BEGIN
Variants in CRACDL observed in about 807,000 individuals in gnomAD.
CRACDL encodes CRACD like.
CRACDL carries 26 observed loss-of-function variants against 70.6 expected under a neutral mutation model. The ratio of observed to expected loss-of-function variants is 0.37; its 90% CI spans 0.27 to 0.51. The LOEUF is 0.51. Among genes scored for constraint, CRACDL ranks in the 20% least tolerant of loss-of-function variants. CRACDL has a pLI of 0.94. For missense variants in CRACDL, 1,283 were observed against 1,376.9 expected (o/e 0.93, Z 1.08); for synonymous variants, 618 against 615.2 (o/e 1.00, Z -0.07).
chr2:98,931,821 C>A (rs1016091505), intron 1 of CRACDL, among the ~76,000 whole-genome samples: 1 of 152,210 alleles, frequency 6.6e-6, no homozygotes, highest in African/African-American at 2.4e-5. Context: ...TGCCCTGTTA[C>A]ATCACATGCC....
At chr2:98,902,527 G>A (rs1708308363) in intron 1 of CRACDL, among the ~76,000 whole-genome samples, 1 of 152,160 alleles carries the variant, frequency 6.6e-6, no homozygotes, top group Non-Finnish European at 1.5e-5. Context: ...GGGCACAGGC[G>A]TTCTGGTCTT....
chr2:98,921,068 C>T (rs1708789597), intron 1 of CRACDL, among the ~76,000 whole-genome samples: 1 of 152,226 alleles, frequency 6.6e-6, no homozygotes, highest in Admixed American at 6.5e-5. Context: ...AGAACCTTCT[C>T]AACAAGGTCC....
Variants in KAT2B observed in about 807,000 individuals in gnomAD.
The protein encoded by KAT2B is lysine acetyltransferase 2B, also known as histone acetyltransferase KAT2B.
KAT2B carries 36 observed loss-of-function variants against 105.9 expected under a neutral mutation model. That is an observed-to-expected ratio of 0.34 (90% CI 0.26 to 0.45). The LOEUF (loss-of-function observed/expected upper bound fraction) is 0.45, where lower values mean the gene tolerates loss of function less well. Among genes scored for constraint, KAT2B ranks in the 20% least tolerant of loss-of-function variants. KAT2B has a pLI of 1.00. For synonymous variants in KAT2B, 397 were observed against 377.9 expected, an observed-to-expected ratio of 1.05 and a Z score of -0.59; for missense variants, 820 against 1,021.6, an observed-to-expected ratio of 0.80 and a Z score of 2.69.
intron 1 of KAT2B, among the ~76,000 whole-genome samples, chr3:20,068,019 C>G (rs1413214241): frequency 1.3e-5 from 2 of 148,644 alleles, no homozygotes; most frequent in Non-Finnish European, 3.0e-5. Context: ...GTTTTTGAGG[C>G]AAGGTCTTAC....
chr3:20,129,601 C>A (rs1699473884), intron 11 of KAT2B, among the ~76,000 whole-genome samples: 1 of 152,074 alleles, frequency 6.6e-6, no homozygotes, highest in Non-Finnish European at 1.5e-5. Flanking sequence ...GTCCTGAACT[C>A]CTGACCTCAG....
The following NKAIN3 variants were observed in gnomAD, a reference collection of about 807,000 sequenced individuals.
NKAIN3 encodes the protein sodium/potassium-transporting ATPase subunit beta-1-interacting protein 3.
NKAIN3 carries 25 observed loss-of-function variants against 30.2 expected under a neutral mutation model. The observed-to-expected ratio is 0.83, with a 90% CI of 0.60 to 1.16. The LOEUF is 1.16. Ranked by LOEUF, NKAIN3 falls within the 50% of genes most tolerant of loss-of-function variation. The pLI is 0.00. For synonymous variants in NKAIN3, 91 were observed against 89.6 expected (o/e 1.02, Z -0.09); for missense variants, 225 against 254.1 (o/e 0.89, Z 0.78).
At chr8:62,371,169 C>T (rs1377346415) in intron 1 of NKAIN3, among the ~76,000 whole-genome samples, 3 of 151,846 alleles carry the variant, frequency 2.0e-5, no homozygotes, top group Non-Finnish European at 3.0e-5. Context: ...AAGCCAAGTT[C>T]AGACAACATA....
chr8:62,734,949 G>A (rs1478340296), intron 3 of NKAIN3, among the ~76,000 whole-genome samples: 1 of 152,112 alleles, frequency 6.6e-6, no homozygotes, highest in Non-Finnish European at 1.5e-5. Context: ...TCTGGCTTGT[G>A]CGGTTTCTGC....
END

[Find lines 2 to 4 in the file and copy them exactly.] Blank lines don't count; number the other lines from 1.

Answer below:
CRACDL encodes CRACD like.
CRACDL carries 26 observed loss-of-function variants against 70.6 expected under a neutral mutation model. The ratio of observed to expected loss-of-function variants is 0.37; its 90% CI spans 0.27 to 0.51. The LOEUF is 0.51. Among genes scored for constraint, CRACDL ranks in the 20% least tolerant of loss-of-function variants. CRACDL has a pLI of 0.94. For missense variants in CRACDL, 1,283 were observed against 1,376.9 expected (o/e 0.93, Z 1.08); for synonymous variants, 618 against 615.2 (o/e 1.00, Z -0.07).
chr2:98,931,821 C>A (rs1016091505), intron 1 of CRACDL, among the ~76,000 whole-genome samples: 1 of 152,210 alleles, frequency 6.6e-6, no homozygotes, highest in African/African-American at 2.4e-5. Context: ...TGCCCTGTTA[C>A]ATCACATGCC....